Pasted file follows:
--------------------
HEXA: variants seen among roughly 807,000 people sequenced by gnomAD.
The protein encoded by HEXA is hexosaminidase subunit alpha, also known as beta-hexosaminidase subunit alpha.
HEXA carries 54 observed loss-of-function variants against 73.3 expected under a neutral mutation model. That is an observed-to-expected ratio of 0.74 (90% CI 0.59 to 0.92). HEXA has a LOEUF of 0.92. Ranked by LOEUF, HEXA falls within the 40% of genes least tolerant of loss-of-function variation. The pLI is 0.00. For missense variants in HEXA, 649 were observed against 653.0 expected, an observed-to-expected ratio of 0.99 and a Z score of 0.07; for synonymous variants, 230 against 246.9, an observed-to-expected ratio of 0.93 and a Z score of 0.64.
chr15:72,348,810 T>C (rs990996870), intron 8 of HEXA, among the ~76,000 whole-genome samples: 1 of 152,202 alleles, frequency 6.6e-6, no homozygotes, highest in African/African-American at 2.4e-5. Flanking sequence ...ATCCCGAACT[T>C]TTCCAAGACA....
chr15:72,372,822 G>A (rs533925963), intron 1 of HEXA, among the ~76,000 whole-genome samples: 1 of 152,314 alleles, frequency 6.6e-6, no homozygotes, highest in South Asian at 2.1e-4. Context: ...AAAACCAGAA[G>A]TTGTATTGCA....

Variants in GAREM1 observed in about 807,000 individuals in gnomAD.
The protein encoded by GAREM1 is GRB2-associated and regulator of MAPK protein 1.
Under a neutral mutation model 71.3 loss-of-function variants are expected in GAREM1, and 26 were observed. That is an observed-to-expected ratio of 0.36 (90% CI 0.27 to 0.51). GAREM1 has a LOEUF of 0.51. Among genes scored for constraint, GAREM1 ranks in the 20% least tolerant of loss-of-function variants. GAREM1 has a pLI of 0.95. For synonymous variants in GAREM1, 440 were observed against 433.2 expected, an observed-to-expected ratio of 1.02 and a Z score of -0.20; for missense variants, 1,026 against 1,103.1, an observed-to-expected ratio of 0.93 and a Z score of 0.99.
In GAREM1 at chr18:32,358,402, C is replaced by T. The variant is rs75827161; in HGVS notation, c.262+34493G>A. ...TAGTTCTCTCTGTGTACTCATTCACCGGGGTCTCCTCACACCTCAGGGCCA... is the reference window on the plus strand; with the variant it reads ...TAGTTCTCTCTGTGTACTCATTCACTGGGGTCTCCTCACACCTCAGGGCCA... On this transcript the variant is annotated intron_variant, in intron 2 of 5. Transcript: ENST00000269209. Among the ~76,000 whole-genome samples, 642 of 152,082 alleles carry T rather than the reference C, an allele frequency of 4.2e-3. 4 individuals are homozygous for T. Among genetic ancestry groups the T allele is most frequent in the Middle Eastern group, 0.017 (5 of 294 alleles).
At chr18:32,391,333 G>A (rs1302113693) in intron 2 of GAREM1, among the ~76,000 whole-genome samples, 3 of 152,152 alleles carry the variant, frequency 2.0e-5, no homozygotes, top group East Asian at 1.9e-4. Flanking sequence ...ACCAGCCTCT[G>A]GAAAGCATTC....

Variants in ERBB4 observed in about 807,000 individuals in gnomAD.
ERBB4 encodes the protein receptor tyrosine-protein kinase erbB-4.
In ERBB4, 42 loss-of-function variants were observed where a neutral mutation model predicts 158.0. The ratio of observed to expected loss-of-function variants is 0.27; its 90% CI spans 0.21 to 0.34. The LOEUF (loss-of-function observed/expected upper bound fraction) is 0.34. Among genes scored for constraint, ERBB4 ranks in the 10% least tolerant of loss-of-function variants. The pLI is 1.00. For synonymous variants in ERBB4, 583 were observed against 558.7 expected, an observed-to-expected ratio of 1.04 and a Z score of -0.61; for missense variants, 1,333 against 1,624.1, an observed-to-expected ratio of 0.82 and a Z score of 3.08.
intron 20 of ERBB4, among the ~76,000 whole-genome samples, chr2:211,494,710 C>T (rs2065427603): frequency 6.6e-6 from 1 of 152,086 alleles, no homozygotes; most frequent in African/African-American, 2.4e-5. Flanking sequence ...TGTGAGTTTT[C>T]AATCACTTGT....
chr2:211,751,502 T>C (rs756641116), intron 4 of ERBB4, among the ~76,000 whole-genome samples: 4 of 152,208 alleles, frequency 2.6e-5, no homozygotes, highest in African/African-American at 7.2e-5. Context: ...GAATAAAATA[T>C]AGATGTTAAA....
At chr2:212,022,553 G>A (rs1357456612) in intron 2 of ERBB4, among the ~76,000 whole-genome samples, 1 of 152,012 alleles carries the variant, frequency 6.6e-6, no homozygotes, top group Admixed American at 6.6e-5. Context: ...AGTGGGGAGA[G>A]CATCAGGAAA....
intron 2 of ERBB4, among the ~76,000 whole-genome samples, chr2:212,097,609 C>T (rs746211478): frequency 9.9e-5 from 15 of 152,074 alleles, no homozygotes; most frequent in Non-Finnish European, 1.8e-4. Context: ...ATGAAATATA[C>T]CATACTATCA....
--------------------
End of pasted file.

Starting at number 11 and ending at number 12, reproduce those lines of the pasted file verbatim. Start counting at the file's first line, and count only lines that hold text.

Variants in ERBB4 observed in about 807,000 individuals in gnomAD.
ERBB4 encodes the protein receptor tyrosine-protein kinase erbB-4.